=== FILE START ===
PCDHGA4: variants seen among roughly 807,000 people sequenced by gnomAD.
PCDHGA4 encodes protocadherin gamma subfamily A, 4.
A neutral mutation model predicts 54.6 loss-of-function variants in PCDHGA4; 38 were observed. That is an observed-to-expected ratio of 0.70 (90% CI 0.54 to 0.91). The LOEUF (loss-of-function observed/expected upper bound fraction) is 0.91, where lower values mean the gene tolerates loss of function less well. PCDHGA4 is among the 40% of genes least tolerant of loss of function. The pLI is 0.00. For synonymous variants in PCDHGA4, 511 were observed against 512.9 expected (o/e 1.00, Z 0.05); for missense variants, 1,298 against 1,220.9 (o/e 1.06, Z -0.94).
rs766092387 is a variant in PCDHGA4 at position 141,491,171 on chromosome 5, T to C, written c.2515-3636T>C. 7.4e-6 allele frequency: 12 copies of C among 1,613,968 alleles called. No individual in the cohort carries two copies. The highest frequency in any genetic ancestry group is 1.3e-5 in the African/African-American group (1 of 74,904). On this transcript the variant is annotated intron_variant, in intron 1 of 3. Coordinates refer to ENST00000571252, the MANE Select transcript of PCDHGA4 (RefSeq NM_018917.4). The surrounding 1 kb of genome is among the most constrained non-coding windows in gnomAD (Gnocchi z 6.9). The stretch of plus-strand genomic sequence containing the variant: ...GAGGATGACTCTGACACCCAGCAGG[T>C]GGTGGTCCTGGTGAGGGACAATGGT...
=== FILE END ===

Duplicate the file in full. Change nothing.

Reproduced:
PCDHGA4: variants seen among roughly 807,000 people sequenced by gnomAD.
PCDHGA4 encodes protocadherin gamma subfamily A, 4.
A neutral mutation model predicts 54.6 loss-of-function variants in PCDHGA4; 38 were observed. That is an observed-to-expected ratio of 0.70 (90% CI 0.54 to 0.91). The LOEUF (loss-of-function observed/expected upper bound fraction) is 0.91, where lower values mean the gene tolerates loss of function less well. PCDHGA4 is among the 40% of genes least tolerant of loss of function. The pLI is 0.00. For synonymous variants in PCDHGA4, 511 were observed against 512.9 expected (o/e 1.00, Z 0.05); for missense variants, 1,298 against 1,220.9 (o/e 1.06, Z -0.94).
rs766092387 is a variant in PCDHGA4 at position 141,491,171 on chromosome 5, T to C, written c.2515-3636T>C. 7.4e-6 allele frequency: 12 copies of C among 1,613,968 alleles called. No individual in the cohort carries two copies. The highest frequency in any genetic ancestry group is 1.3e-5 in the African/African-American group (1 of 74,904). On this transcript the variant is annotated intron_variant, in intron 1 of 3. Coordinates refer to ENST00000571252, the MANE Select transcript of PCDHGA4 (RefSeq NM_018917.4). The surrounding 1 kb of genome is among the most constrained non-coding windows in gnomAD (Gnocchi z 6.9). The stretch of plus-strand genomic sequence containing the variant: ...GAGGATGACTCTGACACCCAGCAGG[T>C]GGTGGTCCTGGTGAGGGACAATGGT...